Twittering with Ashton, Oprah and Jesus

Yesterday may turn out to be the day we look back on from future generations to say that Twitter finally took over Western civilization.

Ashton Kutcher triumphed over CNN in their closely watched race to be the first to reach a million “followers,” while Oprah Winfrey sent her very first tweet then, moments later, discovered she already had accumulated 130,000 followers.

“We have shown the world that the new wave is here,” pronounced Leader Kutcher shortly after his victory. “It is present and it is ready to explode.” Then he added the somewhat perplexing “I can’t follow me,” implying he would if he could.

Newbie Winfrey’s first tweet was broadcast on her talk show.

“HI TWITTERS. THANK YOU FOR A WARM WELCOME,” she shouted. “FEELING REALLY TWENTY-FIRST CENTURY.”

So today seems like it might be a good time to reprint an article that appeared in our local newspaper last Monday about a hip, young church that incorporated Twitter into its Easter service.

 * * *

STALLINGS, N.C. — As Pastor Todd Hahn sermonized onstage Sunday about St. Paul’s take on Jesus’ resurrection, Scarlett Hollingsworth bowed her head and brought her hands together.

She wasn’t praying, though. Her eyes were open, and her thumbs were busy. She was pounding out a short message on her BlackBerry.

It was time to Twitter:

“I’m listening to the teachings of Paul,” wrote Hollingsworth, known to those following her tweets as beingscarlett. “& wondering how many people need to hear that we can face hardship in life without fear.”

Most churches ask worshippers to turn off cell phones when the service starts. But at Union County’s Next Level, a rock ‘n’ roll-style church where Hollingsworth attended the 11 a.m. Easter service, members of the flock were encouraged to Twitter away on their cell phones, iPhones, BlackBerrys and laptops. Their messages landed on other cell phones – as well as online for those who looked in from a personal computer at home.

“I hope many of you are tweeting this morning about your experience with God,” Hahn announced before launching into his sermon.

Churches have been using the latest technology since the 15th century, when the Gutenberg Bible – a product of the printing press and movable type – paved the way for mass distribution of Scripture.

Later came radio, then TV, then the Internet, and now Twitter – 140-character message bursts designed to pass on what the sender is thinking at that moment.

Still, some of those tweeting Sunday couldn’t quite believe where they were doing it.

“So excited for the nextlevel Easter service!!” wrote GamecockCB. “Tweet from church?! Are you kidding?!”

Hahn, 40, said the idea was hatched by the church’s Creative Team of twentysomethings. They wanted to do something special for Easter.

With so many old and new churches competing for young people, some like Next Level are trying to stand out by embracing the latest technology: Web sites, blogs, and now Twitter.

Charlotte native Hahn acknowledged that the church’s accent on Twitter is partly a marketing tool. But he said it can also enhance members’ religious experience and build community.

Hahn said evangelical churches have focused so much on the me-God relationship – with services full of what he called “prom songs to Jesus” – that “we lose the communal aspects.”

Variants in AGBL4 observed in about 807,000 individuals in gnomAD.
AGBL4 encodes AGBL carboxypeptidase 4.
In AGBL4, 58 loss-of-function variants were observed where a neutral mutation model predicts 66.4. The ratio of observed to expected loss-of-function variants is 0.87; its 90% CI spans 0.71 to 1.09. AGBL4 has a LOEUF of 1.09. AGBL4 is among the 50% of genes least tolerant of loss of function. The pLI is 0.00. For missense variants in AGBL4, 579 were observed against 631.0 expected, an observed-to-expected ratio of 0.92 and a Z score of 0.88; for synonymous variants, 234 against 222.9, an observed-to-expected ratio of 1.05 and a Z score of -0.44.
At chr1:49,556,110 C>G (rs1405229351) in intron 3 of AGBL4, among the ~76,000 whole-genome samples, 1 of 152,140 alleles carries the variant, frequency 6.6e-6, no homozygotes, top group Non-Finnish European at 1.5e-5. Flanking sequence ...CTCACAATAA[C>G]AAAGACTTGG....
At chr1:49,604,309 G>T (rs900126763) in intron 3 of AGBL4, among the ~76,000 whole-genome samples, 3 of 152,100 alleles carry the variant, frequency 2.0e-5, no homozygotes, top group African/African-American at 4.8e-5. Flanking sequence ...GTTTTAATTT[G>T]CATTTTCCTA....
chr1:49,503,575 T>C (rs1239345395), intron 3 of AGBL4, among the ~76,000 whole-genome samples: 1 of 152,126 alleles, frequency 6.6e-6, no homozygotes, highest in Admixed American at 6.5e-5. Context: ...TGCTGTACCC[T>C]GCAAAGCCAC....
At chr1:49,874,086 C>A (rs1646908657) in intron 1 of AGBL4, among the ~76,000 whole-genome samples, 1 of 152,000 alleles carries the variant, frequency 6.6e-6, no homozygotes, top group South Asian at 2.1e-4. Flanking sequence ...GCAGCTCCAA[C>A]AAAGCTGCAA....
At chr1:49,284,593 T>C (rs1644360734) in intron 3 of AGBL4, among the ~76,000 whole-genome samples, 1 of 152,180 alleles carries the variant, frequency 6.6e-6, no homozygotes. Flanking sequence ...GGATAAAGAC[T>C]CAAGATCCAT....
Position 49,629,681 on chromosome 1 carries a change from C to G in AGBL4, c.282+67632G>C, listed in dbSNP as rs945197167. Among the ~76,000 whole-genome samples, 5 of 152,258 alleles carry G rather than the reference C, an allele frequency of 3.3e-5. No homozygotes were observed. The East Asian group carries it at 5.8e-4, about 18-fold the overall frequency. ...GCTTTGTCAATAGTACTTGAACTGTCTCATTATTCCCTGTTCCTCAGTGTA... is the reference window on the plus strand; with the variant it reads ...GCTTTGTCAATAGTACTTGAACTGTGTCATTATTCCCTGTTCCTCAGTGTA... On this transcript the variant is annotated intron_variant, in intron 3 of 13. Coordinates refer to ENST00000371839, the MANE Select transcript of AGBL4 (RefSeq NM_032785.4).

“Twitter is a social network … that can remind us we are worshipping with other people. We’re not in a bubble,” he said. “And when people read some of the (tweets) they may have an ‘a-ha!’ moment, and say, ‘A lot of others look at things like I do.”

On Sunday, photographer Kristen Hinson, 24, felt liberated by the Easter message – and her ability to pass it along via cell phone.

“I love Next Level Church,” she Twittered. “The resurrection is like a sales receipt from God, a guarantee of what’s to come!!!”

Hollingsworth, 44, a designer at Central Piedmont Community College and a self-described techie, said it was hard sometimes to pay attention to the sermon and tweet. But, she added, the world is changing, and the church needs to change, too.

“If you don’t jump on the new technology, you’re going to lose opportunities,” she said. “We use it for work and for life. Why not church?”

Tweet Tweet

Here are some of the Twitter messages from Next Level Church on Sunday.

melissajackson3: Awesome foo fighters song to start the service at nextlevel.

imkay: Nothing u do 4 the lord is in vain.

desimae: I remember the day when Easter meant dressing up against my will and being bored for three hours at church …thanks, nextlevel for change!

psalm46: Resurrection is real; … He is still raising us day by day from this level on to the nextlevel, higher up and further in.

renwicks_lady: Getting ready for Nextlevel church, getting my texting thumbs stretched and ready to go!!!!

charburns: nextlevel had awesome music today and yes i am twittering in church.

 

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3 Responses to “Twittering with Ashton, Oprah and Jesus”

  1. tmartinbrown Says:

    Would Jesus say, “My house is the house of prayer: but ye have made it a den of tweets?” I wonder…

    Surprised you didn’t tag “church” or “Jesus” in this post…I think you’re sacrificing some search traffic.

  2. determinednspoken Says:

    lol, thats awesome

  3. Cindy Holman Says:

    I love this post – I too had heard about Oprah and Ashton – Wow – one of my friends said, “Time to get off Twitter now” He thinks it’s too ordinary.

    By the way – thanks for your comment on my blog the other day 🙂

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